Part 1: Life Audit
I chose to do the Life Audit, which got a little challenging around the 50-goal mark, but then I got a burst of inspiration towards the end. The things about having 100 goals, I’ve noticed, is that you can be a bit “wasteful”, which is a great way for figuring out what you want more of in life. In my case, it was art – opportunities to create and engage in a bit of pottering around. 27 of my post-its had a wish that was art-related, whether it was learning to knit or taking an improv class. I don’t think I can realistically take up all 27, but it’s an indicator that I need at least one.
I’m also clearly really taken up with design thinking (maybe because it so nicely fits with my need to be creative for social good) because I had the phrase on 12 post-its.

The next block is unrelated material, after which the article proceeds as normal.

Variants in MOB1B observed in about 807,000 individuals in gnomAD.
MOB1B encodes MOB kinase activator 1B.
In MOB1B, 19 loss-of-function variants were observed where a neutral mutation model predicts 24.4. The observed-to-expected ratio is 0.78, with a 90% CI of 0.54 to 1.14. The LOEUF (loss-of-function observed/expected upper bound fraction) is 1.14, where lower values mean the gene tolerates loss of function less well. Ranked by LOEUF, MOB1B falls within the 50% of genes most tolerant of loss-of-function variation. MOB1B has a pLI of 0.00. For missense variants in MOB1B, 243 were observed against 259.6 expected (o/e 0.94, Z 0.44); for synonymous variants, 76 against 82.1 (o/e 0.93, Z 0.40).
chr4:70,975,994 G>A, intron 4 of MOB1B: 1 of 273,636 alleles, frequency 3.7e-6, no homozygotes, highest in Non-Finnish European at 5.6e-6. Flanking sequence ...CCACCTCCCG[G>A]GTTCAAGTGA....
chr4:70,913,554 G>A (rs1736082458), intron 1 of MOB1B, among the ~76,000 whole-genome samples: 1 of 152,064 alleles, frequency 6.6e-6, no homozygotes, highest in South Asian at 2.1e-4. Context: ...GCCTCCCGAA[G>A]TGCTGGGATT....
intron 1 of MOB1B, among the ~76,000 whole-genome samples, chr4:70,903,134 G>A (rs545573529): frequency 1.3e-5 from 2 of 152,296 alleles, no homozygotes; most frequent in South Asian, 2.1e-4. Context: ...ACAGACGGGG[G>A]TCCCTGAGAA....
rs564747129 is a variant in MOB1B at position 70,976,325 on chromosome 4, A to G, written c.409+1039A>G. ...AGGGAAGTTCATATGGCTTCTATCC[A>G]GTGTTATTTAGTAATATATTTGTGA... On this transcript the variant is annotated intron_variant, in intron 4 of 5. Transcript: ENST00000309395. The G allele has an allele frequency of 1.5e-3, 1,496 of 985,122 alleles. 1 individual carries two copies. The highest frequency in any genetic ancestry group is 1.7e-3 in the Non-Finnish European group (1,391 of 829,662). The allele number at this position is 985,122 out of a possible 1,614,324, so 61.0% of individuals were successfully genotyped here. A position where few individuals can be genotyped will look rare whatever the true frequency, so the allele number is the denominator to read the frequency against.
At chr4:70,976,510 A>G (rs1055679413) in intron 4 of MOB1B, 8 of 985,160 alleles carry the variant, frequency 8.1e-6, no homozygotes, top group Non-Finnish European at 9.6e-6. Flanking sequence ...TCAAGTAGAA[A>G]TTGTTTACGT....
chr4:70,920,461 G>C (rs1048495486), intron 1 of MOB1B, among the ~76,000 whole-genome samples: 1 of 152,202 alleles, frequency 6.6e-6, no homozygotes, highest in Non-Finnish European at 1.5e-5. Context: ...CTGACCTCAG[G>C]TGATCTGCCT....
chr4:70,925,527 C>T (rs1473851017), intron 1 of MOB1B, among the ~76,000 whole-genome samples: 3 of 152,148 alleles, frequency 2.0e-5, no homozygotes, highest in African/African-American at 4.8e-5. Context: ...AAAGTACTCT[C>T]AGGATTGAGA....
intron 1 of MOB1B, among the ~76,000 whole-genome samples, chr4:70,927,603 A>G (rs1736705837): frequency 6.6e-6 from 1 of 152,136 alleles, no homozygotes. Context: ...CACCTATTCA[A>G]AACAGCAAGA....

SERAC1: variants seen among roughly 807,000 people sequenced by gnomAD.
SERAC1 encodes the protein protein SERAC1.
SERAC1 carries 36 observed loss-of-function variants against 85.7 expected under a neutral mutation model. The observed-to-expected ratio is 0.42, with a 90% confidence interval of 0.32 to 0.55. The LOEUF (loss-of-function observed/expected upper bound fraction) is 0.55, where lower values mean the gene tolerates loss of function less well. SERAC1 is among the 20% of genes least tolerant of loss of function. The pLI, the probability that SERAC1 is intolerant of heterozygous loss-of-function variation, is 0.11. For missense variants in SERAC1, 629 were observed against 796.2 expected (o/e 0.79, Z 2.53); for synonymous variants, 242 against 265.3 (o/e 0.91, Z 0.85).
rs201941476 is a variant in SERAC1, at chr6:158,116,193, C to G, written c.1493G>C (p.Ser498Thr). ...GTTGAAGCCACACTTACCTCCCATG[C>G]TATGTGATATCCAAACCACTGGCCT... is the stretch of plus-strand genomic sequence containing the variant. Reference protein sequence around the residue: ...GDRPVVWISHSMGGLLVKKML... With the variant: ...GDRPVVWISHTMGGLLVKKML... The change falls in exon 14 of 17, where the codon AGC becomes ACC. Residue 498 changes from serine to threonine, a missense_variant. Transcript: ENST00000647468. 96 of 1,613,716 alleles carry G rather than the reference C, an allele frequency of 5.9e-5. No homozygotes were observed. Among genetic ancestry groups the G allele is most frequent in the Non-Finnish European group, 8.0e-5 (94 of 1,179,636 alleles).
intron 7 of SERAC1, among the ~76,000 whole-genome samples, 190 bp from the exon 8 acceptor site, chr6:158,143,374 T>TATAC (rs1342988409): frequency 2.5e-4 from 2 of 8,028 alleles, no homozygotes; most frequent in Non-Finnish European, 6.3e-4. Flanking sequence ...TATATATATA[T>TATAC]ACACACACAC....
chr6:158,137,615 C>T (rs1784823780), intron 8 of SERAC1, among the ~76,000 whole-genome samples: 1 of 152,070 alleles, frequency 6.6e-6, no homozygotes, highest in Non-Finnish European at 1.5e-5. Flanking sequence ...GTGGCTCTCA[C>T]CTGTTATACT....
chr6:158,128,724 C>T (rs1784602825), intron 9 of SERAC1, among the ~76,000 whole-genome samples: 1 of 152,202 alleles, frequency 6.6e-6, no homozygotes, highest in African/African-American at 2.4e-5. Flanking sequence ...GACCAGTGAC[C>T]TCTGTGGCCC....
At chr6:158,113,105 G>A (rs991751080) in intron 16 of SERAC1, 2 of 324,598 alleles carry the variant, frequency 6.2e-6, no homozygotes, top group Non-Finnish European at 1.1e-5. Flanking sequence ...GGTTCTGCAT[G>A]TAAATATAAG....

There were 14 “family and relationships” notes, 14 on my academic research (although maybe I need to revisit the ‘What if I lost everything’ exercise to see if I want these or just think I want these), 13 on expanding my work with Building Bridges, 12 on sharing my work through talks, blogs, and research, and 11 that are travel and language-related. It turns out that I’m not as hungry for new experiences as I thought I was…maybe because I already feel like I get to see and do a lot of cool new things anyway, and I can be a bit of a homebody.